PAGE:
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O Baby review: Dileesh Pothan-starrer is a supremely engaging drama-thriller about subservience and oppression

Dileesh Pothan’s O.Baby is an intense and atmospheric movie through and through


Last Updated: 05.30 PM, Jun 11, 2023


Story: Baby works as an estate supervisor for Papi, the estate owner and the conservative patriarch of the family. After Baby’s son Basil and Papi’s great-granddaughter Mini get close, citing the differences in their caste, Papi asks Baby to kill his son. How Baby and members of Papi’s family go to great lengths – one to keep his son safe and others to protect their family’s honour – form the plot.

Review: It’s surprising how much lack of promotions and star power in a movie actually accentuates its content, when it’s superior. Director-scriptwriter Ranjan Pramod’s drama-thriller O.Baby is the perfect example of this.

Dileesh Pothan in O Baby
Dileesh Pothan in O Baby

The movie, which is filled with newcomers or relatively lesser-known actors except for Dileesh Pothan, is an intense and atmospheric movie through and through. It wouldn’t be too far to say that O.Baby would even serve as a companion piece to Dileesh’s own directorial Joji, but what makes this even more enjoyable is that Ranjan has infused it with a flavour fit for a commercial movie and theatrical watch, all the while not sacrificing its storytelling or content.

Right from its first few sequences, where a Christian family forces their unwilling young daughter to get engaged to ensure the wedding happens before the patriarch, Papi, passes away, there’s a palpable sense of tension in the air throughout. This only slackens, in a good way, when the movie focuses on Baby and his family. Baby and his forefathers, though from a caste that Papi and his family consider inferior, have been working for the latter, who are migrants to their land. Over the years, this has established a sense of fierce subservience, something that is delightfully challenged by his 18-year-old son Basil.

Things get complicated for Baby when Papi is informed by his granddaughter and her husband – out of selfish motives – that Basil is in love with his great granddaughter Mini. Stuck in his feudal, archaic ways, Papi orders Baby to kill Basil. What happens next make up for the pulsating second half of the film, which takes the audience through the high-ranges of Kerala, into the archaic and oppressive mindsets of people – all the while making them think through the words of its younger characters. The film’s score by Lijin Bambino along with Arun Chalil’s immersive cinematography makes it even more engaging.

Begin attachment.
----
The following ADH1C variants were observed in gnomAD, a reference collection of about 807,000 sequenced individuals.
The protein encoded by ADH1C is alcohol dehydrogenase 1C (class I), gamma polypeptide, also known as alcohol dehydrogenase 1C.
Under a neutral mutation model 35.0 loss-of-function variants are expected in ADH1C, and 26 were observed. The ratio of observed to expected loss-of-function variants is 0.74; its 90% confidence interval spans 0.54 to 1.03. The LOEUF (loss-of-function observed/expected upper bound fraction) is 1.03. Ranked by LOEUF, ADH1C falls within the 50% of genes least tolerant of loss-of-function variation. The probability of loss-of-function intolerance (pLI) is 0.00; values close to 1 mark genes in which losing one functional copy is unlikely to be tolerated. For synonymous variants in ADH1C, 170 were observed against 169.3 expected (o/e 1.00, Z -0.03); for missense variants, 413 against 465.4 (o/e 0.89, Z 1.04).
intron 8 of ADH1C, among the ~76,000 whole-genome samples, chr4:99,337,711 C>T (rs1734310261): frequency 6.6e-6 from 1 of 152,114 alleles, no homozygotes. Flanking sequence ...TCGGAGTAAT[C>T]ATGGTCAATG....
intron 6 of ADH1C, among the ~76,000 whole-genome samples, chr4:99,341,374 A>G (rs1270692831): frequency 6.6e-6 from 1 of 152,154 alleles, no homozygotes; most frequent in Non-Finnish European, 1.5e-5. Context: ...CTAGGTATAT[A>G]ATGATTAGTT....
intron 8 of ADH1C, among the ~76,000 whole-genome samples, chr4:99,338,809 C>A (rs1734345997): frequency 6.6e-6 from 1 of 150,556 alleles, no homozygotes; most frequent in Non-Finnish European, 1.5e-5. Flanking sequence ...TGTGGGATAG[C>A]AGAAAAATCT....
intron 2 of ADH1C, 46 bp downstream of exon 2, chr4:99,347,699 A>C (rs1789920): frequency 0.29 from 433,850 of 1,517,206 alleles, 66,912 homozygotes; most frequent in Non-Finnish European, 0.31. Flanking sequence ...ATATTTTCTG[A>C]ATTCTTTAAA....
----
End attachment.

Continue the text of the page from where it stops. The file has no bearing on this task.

Unlike some recent movies such as Joji and Appan, Ranjan’s O.Baby doesn’t leave it entirely to the audience to figure out the layers of oppression. He makes it clear through dialogues and scenes, about the perils of oppression that trickles down through generations, further shackling the subservient. This is shown through Baby’s submissiveness towards Papi and his relatives, and his interactions with the estate workers. Even a dog gets to play an important role in defining a shade of this master-slave relationship.

The film is also laced with quirks – showing the generational difference between its characters in terms of their mindsets as well as language. O.Baby never sticks to the stereotype, it shows that Internet and with it knowledge is all pervading; it doesn’t limit itself only to the rich or the so-called upper castes, who in fact are most times victims of ignorance for not staying up with the times. You even have an antagonist, a brilliant Vishnu Agasthya, who is a hunter from Zimbabwe and out prowling the forests on his all-terrain vehicle.

A huge reason O. Baby works is also because of its casting. Dileesh Pothan, in his best role yet, displays his acting chops with a character that has to go through an array of emotions. Haniya Nafisa as Mini and Devadath as Basil are finds of the season. Gopalakrishnan, Saji Soman and Dr Shinu Shyamalan, all do their bit to keep the audience interested in what’s happening next.

If you had to pick a grouse, post the climax, the film does let the steam off, with a predictable sequence. But this too showcases another layer of how people understand others’ plight when they face the same predicament.

Verdict: Director Ranjan Pramod’s O.Baby is a thoroughly engaging drama-thriller that asks pertinent questions about social oppression and also help bridge that generation gap a bit.

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